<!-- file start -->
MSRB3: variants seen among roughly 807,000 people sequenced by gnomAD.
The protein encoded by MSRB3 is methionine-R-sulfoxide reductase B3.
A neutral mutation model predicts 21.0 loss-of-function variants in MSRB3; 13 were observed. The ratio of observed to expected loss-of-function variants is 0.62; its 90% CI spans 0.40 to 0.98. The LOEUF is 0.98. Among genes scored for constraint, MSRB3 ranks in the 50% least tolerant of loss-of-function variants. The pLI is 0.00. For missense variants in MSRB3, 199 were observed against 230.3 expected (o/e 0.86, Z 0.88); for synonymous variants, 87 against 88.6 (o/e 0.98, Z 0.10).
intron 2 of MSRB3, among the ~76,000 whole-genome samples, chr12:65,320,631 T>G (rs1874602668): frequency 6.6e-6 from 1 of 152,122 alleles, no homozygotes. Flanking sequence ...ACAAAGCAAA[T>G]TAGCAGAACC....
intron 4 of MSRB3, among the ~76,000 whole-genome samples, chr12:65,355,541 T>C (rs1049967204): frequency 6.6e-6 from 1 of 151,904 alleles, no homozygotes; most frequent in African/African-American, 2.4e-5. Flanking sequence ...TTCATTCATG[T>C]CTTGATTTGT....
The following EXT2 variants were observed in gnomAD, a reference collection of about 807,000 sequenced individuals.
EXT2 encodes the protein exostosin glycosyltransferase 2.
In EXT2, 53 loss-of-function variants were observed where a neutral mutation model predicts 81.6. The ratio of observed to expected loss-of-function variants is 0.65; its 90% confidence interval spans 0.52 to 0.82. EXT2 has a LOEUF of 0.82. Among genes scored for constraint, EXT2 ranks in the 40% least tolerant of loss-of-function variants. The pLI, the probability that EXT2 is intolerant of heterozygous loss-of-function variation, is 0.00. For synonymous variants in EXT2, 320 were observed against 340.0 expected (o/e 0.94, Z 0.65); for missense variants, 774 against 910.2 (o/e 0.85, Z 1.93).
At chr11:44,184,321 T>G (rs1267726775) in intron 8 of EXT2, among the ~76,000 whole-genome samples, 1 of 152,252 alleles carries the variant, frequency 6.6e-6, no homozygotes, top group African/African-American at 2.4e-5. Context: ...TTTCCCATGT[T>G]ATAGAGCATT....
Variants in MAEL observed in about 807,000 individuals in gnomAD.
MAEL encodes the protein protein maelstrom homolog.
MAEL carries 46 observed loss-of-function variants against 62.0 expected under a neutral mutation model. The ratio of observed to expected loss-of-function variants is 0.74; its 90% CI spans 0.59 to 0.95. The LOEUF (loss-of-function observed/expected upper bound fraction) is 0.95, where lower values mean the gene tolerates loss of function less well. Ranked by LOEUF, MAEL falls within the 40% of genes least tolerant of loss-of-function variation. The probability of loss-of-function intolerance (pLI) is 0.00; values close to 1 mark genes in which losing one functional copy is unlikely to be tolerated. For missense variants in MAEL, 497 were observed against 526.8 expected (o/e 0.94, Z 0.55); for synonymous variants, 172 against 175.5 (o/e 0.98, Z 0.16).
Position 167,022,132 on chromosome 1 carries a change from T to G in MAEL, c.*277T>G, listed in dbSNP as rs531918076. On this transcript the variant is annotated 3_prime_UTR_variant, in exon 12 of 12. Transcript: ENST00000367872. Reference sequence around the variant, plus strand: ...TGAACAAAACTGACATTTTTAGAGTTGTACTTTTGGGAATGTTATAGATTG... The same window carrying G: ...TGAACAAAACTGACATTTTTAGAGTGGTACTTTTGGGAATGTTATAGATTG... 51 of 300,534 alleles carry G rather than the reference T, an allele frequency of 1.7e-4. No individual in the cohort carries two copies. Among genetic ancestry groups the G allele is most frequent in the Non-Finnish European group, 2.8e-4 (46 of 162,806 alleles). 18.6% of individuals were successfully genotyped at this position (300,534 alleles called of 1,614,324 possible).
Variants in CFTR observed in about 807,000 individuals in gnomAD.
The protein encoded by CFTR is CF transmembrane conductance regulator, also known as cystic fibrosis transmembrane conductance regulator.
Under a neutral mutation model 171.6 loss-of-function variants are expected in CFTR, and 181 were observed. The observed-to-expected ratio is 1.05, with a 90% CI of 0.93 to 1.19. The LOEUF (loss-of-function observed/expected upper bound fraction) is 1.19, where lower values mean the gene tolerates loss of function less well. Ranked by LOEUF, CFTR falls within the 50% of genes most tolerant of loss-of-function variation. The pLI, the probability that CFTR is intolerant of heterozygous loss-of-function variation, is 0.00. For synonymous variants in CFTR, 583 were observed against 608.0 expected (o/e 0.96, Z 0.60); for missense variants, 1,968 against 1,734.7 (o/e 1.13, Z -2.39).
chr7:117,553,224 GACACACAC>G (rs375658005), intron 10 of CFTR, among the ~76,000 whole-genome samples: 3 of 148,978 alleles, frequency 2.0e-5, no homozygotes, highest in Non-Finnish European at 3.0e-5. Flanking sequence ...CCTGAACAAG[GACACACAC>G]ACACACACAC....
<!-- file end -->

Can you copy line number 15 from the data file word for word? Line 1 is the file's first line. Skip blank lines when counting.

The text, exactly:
The protein encoded by CFTR is CF transmembrane conductance regulator, also known as cystic fibrosis transmembrane conductance regulator.